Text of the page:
The Daily. Monday, October 28th, 2019.

October 28, 2019

In this Daily: Las Catalinas Working Towards Sustainability at PreCOP25

Costa Rica recently hosted PreCOP25, a preparation meeting before the UN’s Framework Convention on Climate Change. This year, a global meeting of stakeholders seeking to combat climate change will take place in Santiago, Chile, and PreCOP25 served as a gathering to workshop ideas, meet, and prepare before the convention in December.

Representatives from Las Catalinas were invited to attend this meeting due the town’s work as an example of sustainable development as well as the town’s continuing commitment to combating climate change. 

This meeting was arranged for the international delegations (700 people representing 86 countries) to have working and negotiation tables to discuss issues in-depth. For Las Catalinas to be invited to this workshop shows the value of the work done around town and in the reserve. This was also an opportunity for teams in town to learn from frontline experts from the United Nations and countries around the world who are working towards similar goals.

Sustainability, Essential Costa Rica, Climate Change The event featured 700 delegates and stakeholders representing 86 countries

The National Plan for Carbon Neutrality

Town representatives were personally invited by the Ministry of Environment, as part of the country’s movement towards carbon neutrality.

The Plan Nacional de Carbono Neutralidad 2.0 or PNCN 2.0, is a nationwide initiative to recognize the proper management of greenhouse gas (GHG) emissions by public and private organizations. Participating entities are accountable for their emissions, and join together to share information, resources, and infrastructure to help other communities and companies offset their emissions. 

Sustainability, Essential Costa Rica, Climate Change The 1000 acre forest will help not only Las Catalinas, but also other towns and organizations become carbon neutral

Due to the offset approach in Las Catalinas, which includes 1000 acres of tropical dry forest, town has already made significant progress towards carbon neutrality, and aims to become a net-negative carbon contributor. By removing more carbon from the atmosphere than it contributes, Las Catalinas could even provide a chance for other towns, organizations, and companies to offset their carbon footprint by investing in town’s ecosystem services.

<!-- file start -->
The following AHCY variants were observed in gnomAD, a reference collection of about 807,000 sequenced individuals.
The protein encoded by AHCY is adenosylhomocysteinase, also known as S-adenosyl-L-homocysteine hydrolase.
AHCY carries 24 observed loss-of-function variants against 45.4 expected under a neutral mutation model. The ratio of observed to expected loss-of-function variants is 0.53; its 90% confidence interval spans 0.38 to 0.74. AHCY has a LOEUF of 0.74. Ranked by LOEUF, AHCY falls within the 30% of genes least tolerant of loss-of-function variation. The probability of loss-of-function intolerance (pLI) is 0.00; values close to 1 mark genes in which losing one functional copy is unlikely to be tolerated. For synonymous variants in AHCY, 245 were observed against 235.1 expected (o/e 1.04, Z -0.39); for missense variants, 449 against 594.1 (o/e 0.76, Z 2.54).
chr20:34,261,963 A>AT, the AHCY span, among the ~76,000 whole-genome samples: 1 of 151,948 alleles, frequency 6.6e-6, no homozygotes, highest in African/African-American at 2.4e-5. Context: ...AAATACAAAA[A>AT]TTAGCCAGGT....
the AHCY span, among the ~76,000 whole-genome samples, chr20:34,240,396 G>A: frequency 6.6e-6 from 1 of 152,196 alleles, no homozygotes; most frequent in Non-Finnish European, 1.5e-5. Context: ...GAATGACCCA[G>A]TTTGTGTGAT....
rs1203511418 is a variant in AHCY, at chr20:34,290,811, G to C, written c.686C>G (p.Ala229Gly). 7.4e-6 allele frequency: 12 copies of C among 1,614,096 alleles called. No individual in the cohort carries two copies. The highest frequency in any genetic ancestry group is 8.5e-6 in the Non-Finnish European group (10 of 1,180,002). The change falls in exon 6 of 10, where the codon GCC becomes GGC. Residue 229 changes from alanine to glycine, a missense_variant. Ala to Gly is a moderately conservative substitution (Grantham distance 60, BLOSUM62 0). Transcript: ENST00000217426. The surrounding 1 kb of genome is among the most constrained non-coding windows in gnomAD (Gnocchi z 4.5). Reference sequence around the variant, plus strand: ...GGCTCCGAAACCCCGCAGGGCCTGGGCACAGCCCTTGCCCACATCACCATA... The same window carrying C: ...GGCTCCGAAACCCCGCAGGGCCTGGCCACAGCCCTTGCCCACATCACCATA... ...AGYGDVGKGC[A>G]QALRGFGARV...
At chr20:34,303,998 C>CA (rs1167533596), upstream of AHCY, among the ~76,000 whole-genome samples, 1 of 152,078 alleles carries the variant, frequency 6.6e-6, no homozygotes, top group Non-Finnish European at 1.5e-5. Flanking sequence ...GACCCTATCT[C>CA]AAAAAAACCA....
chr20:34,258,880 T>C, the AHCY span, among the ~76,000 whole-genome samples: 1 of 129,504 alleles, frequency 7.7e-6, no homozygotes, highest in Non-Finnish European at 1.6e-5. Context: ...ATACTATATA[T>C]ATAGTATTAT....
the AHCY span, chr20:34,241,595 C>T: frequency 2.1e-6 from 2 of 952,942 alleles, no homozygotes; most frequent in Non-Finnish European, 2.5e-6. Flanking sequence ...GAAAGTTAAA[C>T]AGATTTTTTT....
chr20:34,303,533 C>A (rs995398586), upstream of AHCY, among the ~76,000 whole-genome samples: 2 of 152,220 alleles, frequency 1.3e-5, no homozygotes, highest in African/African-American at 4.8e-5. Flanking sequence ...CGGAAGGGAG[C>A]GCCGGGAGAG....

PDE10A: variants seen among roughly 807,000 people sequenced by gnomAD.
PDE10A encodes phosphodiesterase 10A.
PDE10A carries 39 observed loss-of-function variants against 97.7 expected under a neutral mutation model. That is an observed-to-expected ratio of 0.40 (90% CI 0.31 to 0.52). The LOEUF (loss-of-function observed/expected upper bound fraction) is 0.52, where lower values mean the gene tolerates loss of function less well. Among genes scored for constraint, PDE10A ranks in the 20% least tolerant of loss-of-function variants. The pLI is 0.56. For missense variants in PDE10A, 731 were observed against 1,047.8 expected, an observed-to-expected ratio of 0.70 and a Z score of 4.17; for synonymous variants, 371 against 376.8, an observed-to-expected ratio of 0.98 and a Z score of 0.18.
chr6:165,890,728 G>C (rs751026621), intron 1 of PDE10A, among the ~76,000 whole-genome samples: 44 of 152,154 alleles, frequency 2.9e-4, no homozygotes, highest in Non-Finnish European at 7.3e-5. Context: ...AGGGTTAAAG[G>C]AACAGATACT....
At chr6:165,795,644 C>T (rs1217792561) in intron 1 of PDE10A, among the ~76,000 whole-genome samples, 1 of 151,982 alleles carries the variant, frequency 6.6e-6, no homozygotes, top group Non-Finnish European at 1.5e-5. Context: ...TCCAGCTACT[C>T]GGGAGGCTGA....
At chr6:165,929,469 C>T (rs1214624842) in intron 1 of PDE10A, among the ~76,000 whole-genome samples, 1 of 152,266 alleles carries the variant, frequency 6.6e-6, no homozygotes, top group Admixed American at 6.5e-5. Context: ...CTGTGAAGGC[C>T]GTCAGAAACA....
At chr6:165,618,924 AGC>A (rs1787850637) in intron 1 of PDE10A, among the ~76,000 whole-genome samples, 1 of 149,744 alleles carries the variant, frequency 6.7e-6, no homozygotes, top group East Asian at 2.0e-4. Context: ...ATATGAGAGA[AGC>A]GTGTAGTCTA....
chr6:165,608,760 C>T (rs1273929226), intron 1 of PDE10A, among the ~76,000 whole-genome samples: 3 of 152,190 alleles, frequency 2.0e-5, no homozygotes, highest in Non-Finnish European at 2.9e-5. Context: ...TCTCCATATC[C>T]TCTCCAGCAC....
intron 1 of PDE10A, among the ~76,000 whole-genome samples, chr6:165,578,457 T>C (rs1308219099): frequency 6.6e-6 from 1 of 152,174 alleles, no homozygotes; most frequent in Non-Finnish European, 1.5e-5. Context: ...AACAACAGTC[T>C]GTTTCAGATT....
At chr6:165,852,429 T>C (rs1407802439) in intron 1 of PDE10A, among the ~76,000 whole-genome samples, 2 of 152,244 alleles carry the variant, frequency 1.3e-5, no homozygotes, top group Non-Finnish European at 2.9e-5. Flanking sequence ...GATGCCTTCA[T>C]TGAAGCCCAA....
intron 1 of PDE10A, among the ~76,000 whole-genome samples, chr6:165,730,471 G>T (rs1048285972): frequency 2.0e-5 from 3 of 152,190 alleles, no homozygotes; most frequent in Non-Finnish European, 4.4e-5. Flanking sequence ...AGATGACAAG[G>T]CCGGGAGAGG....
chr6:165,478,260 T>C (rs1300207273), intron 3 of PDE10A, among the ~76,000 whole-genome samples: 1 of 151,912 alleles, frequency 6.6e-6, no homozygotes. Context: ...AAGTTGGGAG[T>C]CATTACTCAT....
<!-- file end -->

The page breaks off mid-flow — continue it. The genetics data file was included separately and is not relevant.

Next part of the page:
Carbon Neutrality and Sustainability in Las Catalinas

One of the main contributions to sustainability in Las Catalinas is the town’s master plan, which states that only 20% of the property is going to be developed intensively in a compact pedestrian beach and hill town. This leaves 80% of the land for passive restoration of the tropical dry forest, which is the most threatened habitat in Costa Rica.

Restoration of this forest provides ecosystem services such as carbon sequestration, water conservation and production, biodiversity and landscape conservation. These ecosystem services all contribute to the environment as a whole, and actually provide an opportunity to other entities in the National Plan for Carbon Neutrality. Towns and organizations that want to offset their carbon footprint and do not have the physical possibility to do so in their current locations can invest in the forests and conservation efforts at Las Catalinas, providing a net negative carbon footprint across Costa Rica.

One significant milestone for towns is the Essential Costa Rica accreditation, a program that promotes sustainable investment in Costa Rica, by CINDE, the NGO endorsed by the Costa Rican government on this regard.

Achieving the Essential Costa Rica Accreditation